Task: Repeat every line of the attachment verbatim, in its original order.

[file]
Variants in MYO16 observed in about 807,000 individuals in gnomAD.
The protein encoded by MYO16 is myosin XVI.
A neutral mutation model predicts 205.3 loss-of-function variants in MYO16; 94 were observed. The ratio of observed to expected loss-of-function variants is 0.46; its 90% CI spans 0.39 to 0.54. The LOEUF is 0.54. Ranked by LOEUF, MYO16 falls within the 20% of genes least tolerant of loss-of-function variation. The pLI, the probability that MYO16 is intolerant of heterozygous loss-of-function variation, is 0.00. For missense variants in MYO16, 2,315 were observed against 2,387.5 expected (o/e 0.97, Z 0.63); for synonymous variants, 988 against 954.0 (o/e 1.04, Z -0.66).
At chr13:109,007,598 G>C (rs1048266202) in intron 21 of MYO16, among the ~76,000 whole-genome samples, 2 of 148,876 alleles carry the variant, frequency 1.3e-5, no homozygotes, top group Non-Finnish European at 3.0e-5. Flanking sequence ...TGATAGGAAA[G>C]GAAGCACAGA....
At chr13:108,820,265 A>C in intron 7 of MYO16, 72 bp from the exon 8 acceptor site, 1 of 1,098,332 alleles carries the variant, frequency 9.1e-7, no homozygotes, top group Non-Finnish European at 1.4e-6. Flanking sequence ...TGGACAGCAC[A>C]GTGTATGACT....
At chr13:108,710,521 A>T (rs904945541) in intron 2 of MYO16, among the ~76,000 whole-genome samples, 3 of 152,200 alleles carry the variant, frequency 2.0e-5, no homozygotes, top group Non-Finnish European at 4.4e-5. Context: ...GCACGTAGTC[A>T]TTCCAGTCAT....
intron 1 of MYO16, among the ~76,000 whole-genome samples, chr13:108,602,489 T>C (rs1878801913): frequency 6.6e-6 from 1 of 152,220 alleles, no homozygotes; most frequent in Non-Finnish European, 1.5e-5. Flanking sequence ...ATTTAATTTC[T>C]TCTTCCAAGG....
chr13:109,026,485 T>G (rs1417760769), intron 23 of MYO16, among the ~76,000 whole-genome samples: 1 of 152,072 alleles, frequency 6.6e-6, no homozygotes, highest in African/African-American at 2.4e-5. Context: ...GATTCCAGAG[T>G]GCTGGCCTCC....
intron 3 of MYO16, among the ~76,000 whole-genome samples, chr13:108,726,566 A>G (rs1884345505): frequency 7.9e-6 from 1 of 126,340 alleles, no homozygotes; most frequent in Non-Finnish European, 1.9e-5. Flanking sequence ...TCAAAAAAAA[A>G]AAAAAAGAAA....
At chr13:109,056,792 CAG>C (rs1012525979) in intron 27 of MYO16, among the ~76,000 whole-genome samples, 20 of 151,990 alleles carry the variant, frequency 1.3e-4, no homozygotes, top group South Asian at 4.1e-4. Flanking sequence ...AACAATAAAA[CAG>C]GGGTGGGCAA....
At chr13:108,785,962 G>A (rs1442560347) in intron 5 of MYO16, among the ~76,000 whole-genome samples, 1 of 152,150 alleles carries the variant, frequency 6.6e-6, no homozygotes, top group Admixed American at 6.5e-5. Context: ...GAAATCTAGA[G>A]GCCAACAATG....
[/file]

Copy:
Variants in MYO16 observed in about 807,000 individuals in gnomAD.
The protein encoded by MYO16 is myosin XVI.
A neutral mutation model predicts 205.3 loss-of-function variants in MYO16; 94 were observed. The ratio of observed to expected loss-of-function variants is 0.46; its 90% CI spans 0.39 to 0.54. The LOEUF is 0.54. Ranked by LOEUF, MYO16 falls within the 20% of genes least tolerant of loss-of-function variation. The pLI, the probability that MYO16 is intolerant of heterozygous loss-of-function variation, is 0.00. For missense variants in MYO16, 2,315 were observed against 2,387.5 expected (o/e 0.97, Z 0.63); for synonymous variants, 988 against 954.0 (o/e 1.04, Z -0.66).
At chr13:109,007,598 G>C (rs1048266202) in intron 21 of MYO16, among the ~76,000 whole-genome samples, 2 of 148,876 alleles carry the variant, frequency 1.3e-5, no homozygotes, top group Non-Finnish European at 3.0e-5. Flanking sequence ...TGATAGGAAA[G>C]GAAGCACAGA....
At chr13:108,820,265 A>C in intron 7 of MYO16, 72 bp from the exon 8 acceptor site, 1 of 1,098,332 alleles carries the variant, frequency 9.1e-7, no homozygotes, top group Non-Finnish European at 1.4e-6. Flanking sequence ...TGGACAGCAC[A>C]GTGTATGACT....
At chr13:108,710,521 A>T (rs904945541) in intron 2 of MYO16, among the ~76,000 whole-genome samples, 3 of 152,200 alleles carry the variant, frequency 2.0e-5, no homozygotes, top group Non-Finnish European at 4.4e-5. Context: ...GCACGTAGTC[A>T]TTCCAGTCAT....
intron 1 of MYO16, among the ~76,000 whole-genome samples, chr13:108,602,489 T>C (rs1878801913): frequency 6.6e-6 from 1 of 152,220 alleles, no homozygotes; most frequent in Non-Finnish European, 1.5e-5. Flanking sequence ...ATTTAATTTC[T>C]TCTTCCAAGG....
chr13:109,026,485 T>G (rs1417760769), intron 23 of MYO16, among the ~76,000 whole-genome samples: 1 of 152,072 alleles, frequency 6.6e-6, no homozygotes, highest in African/African-American at 2.4e-5. Context: ...GATTCCAGAG[T>G]GCTGGCCTCC....
intron 3 of MYO16, among the ~76,000 whole-genome samples, chr13:108,726,566 A>G (rs1884345505): frequency 7.9e-6 from 1 of 126,340 alleles, no homozygotes; most frequent in Non-Finnish European, 1.9e-5. Flanking sequence ...TCAAAAAAAA[A>G]AAAAAAGAAA....
At chr13:109,056,792 CAG>C (rs1012525979) in intron 27 of MYO16, among the ~76,000 whole-genome samples, 20 of 151,990 alleles carry the variant, frequency 1.3e-4, no homozygotes, top group South Asian at 4.1e-4. Flanking sequence ...AACAATAAAA[CAG>C]GGGTGGGCAA....
At chr13:108,785,962 G>A (rs1442560347) in intron 5 of MYO16, among the ~76,000 whole-genome samples, 1 of 152,150 alleles carries the variant, frequency 6.6e-6, no homozygotes, top group Admixed American at 6.5e-5. Context: ...GAAATCTAGA[G>A]GCCAACAATG....